“ When life gives you lemons, make lemonade,” or so goes a proverbial phrase. But when the lemons come at the most inopportune times, I say forget about the lemonade; I need to make tequila. And when excrement really hits the fan, I make that tequila extra añejo. Let’s just say that there has been a lot of tequila.
The past couple of months have definitely been very trying. Those who have read my previous blog entry know that I faced some pretty impossible scenario regarding my visa to stay in the U.S. to continue my medical training. But after obstinately knocking on every door I could think of, both literally and figuratively, including that of the Prime Minister of Health of Quebec, I was granted an extension on my visa, a lucky exception, allowing me to stay in the U.S. and start my fellowship in Pulmonary and Critical Care Medicine. It was a much hoped-for and prayed-for triumph, followed by a summer not without its challenges.
It is hard to believe that I started writing this blog as I entered medical school, and this summer marked the end of my training as an internal medicine resident. At the end of residency, one can choose to practice independently as an attending physician, or continue further training in a sub-specialty in a fellowship. I signed up for another three years of training to be a lung and critical care specialists. Call me nuts. But this means that in three years, I will work with patients afflicted with various pulmonary issues, as well as manage some of the sickest people in the Intensive Care Unit.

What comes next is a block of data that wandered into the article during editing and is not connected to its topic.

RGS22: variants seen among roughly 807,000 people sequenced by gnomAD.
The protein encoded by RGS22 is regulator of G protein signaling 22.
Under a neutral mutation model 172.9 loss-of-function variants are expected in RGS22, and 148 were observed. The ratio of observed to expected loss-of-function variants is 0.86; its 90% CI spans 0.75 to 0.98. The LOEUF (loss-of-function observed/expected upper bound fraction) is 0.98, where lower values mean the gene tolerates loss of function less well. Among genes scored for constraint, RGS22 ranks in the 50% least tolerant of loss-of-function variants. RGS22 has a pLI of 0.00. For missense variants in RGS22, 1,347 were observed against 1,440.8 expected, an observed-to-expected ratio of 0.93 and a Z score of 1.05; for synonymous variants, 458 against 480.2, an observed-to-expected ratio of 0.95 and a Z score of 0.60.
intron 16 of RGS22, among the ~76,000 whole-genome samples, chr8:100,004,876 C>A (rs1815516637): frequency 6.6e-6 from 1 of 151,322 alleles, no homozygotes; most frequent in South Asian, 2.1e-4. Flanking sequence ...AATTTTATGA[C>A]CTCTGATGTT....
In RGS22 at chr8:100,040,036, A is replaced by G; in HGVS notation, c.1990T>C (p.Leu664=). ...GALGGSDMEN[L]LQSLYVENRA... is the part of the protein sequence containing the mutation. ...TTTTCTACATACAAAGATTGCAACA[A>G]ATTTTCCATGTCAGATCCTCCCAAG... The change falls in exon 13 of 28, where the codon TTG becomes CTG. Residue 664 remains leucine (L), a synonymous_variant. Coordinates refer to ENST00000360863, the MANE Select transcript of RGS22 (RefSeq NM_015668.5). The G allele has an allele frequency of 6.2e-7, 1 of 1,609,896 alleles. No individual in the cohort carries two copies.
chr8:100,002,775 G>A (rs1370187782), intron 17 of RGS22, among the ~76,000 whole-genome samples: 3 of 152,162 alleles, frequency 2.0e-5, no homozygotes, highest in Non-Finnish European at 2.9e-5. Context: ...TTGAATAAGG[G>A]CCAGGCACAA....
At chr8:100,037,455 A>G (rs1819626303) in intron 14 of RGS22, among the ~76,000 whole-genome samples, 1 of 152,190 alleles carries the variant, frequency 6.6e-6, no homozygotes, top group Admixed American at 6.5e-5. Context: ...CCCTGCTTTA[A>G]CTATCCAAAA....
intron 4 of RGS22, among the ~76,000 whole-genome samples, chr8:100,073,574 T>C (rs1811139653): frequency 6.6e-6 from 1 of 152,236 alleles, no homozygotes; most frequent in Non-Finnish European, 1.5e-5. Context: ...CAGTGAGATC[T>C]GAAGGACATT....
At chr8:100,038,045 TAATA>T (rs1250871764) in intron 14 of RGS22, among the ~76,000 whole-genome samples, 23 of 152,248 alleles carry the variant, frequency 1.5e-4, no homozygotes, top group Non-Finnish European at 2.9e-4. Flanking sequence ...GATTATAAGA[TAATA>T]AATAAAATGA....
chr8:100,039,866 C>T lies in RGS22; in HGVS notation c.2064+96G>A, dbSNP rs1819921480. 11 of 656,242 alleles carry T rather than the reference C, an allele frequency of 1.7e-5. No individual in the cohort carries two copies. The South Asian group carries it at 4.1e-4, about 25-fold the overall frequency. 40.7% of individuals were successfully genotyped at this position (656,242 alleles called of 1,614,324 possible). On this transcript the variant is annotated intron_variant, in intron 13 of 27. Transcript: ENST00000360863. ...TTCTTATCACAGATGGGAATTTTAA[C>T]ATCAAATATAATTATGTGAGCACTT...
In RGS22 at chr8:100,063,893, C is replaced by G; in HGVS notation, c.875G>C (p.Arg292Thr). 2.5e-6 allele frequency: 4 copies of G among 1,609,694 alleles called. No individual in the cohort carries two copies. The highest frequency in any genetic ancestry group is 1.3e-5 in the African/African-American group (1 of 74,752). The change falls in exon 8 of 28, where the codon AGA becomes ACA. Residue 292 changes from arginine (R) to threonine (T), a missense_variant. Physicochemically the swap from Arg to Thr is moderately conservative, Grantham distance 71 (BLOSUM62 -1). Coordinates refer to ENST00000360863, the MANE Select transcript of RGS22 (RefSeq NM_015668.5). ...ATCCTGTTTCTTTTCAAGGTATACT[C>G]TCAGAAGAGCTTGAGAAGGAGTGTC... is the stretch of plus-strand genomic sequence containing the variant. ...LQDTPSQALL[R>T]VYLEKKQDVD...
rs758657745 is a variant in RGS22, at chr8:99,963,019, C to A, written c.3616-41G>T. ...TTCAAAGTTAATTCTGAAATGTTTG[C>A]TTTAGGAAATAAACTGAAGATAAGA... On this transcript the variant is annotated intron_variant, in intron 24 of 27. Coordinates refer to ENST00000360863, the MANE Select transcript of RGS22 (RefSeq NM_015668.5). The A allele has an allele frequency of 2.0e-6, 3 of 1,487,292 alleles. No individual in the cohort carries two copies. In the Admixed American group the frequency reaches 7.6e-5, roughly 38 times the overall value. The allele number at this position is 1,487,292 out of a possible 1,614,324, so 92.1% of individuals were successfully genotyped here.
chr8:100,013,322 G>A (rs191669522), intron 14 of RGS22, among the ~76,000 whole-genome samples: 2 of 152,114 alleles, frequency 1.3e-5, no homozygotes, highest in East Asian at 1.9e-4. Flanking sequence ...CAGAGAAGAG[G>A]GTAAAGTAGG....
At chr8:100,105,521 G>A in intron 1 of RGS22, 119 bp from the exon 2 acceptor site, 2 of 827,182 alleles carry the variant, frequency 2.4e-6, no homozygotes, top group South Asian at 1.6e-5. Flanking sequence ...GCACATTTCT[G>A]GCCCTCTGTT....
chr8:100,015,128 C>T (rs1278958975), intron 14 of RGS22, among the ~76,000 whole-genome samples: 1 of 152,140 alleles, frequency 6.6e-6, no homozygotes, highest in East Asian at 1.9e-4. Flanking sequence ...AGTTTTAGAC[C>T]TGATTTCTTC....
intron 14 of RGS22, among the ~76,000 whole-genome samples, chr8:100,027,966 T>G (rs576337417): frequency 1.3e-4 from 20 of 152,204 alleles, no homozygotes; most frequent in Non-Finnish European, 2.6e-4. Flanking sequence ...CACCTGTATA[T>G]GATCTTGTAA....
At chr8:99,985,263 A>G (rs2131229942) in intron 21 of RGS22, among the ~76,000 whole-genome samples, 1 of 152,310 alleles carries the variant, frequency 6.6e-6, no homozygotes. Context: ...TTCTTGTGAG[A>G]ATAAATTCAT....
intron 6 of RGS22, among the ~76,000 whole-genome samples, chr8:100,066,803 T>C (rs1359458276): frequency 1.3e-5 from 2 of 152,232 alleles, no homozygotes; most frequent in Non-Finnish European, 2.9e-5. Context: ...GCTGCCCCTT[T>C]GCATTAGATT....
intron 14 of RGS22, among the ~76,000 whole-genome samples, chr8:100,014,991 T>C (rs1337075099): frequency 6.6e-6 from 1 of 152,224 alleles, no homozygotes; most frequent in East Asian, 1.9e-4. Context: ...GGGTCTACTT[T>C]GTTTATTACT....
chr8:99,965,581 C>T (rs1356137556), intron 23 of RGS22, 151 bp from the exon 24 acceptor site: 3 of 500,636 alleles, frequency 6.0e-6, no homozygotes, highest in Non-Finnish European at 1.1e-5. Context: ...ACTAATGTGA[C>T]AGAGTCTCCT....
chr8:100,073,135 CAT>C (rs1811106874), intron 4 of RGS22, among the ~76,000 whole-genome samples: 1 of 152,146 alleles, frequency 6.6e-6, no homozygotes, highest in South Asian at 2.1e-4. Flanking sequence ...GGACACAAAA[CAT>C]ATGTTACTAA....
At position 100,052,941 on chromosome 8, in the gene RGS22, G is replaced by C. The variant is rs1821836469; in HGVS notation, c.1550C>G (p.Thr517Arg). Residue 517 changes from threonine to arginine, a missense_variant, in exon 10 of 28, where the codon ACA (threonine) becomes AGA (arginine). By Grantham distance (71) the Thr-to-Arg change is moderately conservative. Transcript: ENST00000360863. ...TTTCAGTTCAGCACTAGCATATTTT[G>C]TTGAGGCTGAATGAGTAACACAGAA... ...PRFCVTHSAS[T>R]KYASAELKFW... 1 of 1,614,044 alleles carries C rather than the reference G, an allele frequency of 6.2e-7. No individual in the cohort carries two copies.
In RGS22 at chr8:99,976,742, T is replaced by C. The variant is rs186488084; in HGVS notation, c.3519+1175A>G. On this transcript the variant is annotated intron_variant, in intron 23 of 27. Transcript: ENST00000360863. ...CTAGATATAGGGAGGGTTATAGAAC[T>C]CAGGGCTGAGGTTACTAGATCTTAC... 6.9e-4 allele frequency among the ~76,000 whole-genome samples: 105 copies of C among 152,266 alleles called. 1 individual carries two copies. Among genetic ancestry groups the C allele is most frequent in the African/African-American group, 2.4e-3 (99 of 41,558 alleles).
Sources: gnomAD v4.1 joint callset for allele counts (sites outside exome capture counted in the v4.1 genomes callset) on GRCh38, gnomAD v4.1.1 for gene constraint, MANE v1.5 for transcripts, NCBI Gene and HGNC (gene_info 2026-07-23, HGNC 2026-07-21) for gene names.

July is always a chaotic month for doctors. An old batch of trainees leave, and a new batch of wide-eyed incomers flood in. Add into the equation apartment hunting, car hunting, money scrambling, and oh, how can I forget, studying for one of the biggest exams of my life, the American Board of Internal Medicine, or the ABIM. Everything was on a tight and carefully thought-out schedule, all the while living out of cardboard boxes.
Unfortunately, or perhaps fortunately, depending on how you look at it, doctors are humans, too. We have lives outside the hospital, we get sick, we get hungry and sleepy, we laugh, we cry, we make mistakes, we try to make lemonades when life gets sour, but sometimes we get overwhelmed by all the bitter lemons thrown at us.
Well, I eventually found an apartment and even managed to move by myself, hopping over fences while carrying heavy boxes. I moved some money around (euphemism for ‘I borrowed’) and got a car so I can drive between the three different hospitals where I will be working.
Then I found that that I had failed the ABIM on my first try. Never having failed an exam in my life, it was to my surprise that I did not die from failing one exam. I learned that a bad test score does not equate a failed career and that there are always second chances. So here I am, ready for the challenges and fun that the next three years will offer. Let me dust off that nasty feces that was thrown at me, and cheers!